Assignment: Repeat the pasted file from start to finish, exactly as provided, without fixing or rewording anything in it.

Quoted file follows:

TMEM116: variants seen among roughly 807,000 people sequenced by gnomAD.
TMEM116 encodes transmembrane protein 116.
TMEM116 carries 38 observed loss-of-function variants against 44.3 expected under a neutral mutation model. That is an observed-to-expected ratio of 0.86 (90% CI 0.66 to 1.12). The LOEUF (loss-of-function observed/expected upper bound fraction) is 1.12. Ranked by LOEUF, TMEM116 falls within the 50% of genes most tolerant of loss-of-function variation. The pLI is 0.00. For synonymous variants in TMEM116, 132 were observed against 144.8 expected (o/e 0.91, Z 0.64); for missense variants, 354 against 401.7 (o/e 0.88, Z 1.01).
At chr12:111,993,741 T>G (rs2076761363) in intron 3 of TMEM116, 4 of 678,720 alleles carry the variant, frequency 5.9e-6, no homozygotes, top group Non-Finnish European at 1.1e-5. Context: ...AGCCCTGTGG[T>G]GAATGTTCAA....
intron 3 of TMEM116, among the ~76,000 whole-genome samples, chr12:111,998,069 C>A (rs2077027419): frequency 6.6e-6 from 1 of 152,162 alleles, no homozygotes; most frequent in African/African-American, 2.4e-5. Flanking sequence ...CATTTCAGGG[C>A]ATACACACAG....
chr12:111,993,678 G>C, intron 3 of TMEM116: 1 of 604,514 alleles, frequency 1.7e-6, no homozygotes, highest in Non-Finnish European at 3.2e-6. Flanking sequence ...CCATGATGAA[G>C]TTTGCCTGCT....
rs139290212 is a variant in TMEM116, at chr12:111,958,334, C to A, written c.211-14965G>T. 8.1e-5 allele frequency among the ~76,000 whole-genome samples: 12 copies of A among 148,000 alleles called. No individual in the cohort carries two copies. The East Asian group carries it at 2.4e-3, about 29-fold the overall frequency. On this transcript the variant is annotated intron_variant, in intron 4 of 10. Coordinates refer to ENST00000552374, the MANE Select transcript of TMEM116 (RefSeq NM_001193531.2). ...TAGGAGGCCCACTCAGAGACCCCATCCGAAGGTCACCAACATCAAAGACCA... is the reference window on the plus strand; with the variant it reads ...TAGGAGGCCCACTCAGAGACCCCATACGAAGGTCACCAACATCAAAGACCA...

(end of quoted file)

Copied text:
TMEM116: variants seen among roughly 807,000 people sequenced by gnomAD.
TMEM116 encodes transmembrane protein 116.
TMEM116 carries 38 observed loss-of-function variants against 44.3 expected under a neutral mutation model. That is an observed-to-expected ratio of 0.86 (90% CI 0.66 to 1.12). The LOEUF (loss-of-function observed/expected upper bound fraction) is 1.12. Ranked by LOEUF, TMEM116 falls within the 50% of genes most tolerant of loss-of-function variation. The pLI is 0.00. For synonymous variants in TMEM116, 132 were observed against 144.8 expected (o/e 0.91, Z 0.64); for missense variants, 354 against 401.7 (o/e 0.88, Z 1.01).
At chr12:111,993,741 T>G (rs2076761363) in intron 3 of TMEM116, 4 of 678,720 alleles carry the variant, frequency 5.9e-6, no homozygotes, top group Non-Finnish European at 1.1e-5. Context: ...AGCCCTGTGG[T>G]GAATGTTCAA....
intron 3 of TMEM116, among the ~76,000 whole-genome samples, chr12:111,998,069 C>A (rs2077027419): frequency 6.6e-6 from 1 of 152,162 alleles, no homozygotes; most frequent in African/African-American, 2.4e-5. Flanking sequence ...CATTTCAGGG[C>A]ATACACACAG....
chr12:111,993,678 G>C, intron 3 of TMEM116: 1 of 604,514 alleles, frequency 1.7e-6, no homozygotes, highest in Non-Finnish European at 3.2e-6. Flanking sequence ...CCATGATGAA[G>C]TTTGCCTGCT....
rs139290212 is a variant in TMEM116, at chr12:111,958,334, C to A, written c.211-14965G>T. 8.1e-5 allele frequency among the ~76,000 whole-genome samples: 12 copies of A among 148,000 alleles called. No individual in the cohort carries two copies. The East Asian group carries it at 2.4e-3, about 29-fold the overall frequency. On this transcript the variant is annotated intron_variant, in intron 4 of 10. Coordinates refer to ENST00000552374, the MANE Select transcript of TMEM116 (RefSeq NM_001193531.2). ...TAGGAGGCCCACTCAGAGACCCCATCCGAAGGTCACCAACATCAAAGACCA... is the reference window on the plus strand; with the variant it reads ...TAGGAGGCCCACTCAGAGACCCCATACGAAGGTCACCAACATCAAAGACCA...